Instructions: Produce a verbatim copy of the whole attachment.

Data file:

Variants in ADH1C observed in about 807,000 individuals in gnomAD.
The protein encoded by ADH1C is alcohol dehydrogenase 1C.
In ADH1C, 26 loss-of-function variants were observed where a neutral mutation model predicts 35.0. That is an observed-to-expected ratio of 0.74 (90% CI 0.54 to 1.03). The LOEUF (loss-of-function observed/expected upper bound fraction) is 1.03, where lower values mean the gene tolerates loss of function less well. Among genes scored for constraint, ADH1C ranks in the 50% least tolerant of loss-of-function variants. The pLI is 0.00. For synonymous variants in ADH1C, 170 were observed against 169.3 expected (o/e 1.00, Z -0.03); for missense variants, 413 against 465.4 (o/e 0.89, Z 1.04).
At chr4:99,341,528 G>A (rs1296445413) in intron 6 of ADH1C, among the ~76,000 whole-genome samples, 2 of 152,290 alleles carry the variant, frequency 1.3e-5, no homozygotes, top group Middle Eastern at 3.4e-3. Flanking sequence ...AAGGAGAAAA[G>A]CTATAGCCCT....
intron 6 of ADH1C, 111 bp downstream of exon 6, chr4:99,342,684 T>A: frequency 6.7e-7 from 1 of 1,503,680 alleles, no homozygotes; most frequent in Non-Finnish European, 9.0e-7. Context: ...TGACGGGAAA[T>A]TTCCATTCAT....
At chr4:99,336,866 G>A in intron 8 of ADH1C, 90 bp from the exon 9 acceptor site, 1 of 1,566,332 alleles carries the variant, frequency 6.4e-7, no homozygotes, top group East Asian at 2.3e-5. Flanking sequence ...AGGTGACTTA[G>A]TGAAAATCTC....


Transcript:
Variants in ADH1C observed in about 807,000 individuals in gnomAD.
The protein encoded by ADH1C is alcohol dehydrogenase 1C.
In ADH1C, 26 loss-of-function variants were observed where a neutral mutation model predicts 35.0. That is an observed-to-expected ratio of 0.74 (90% CI 0.54 to 1.03). The LOEUF (loss-of-function observed/expected upper bound fraction) is 1.03, where lower values mean the gene tolerates loss of function less well. Among genes scored for constraint, ADH1C ranks in the 50% least tolerant of loss-of-function variants. The pLI is 0.00. For synonymous variants in ADH1C, 170 were observed against 169.3 expected (o/e 1.00, Z -0.03); for missense variants, 413 against 465.4 (o/e 0.89, Z 1.04).
At chr4:99,341,528 G>A (rs1296445413) in intron 6 of ADH1C, among the ~76,000 whole-genome samples, 2 of 152,290 alleles carry the variant, frequency 1.3e-5, no homozygotes, top group Middle Eastern at 3.4e-3. Flanking sequence ...AAGGAGAAAA[G>A]CTATAGCCCT....
intron 6 of ADH1C, 111 bp downstream of exon 6, chr4:99,342,684 T>A: frequency 6.7e-7 from 1 of 1,503,680 alleles, no homozygotes; most frequent in Non-Finnish European, 9.0e-7. Context: ...TGACGGGAAA[T>A]TTCCATTCAT....
At chr4:99,336,866 G>A in intron 8 of ADH1C, 90 bp from the exon 9 acceptor site, 1 of 1,566,332 alleles carries the variant, frequency 6.4e-7, no homozygotes, top group East Asian at 2.3e-5. Flanking sequence ...AGGTGACTTA[G>A]TGAAAATCTC....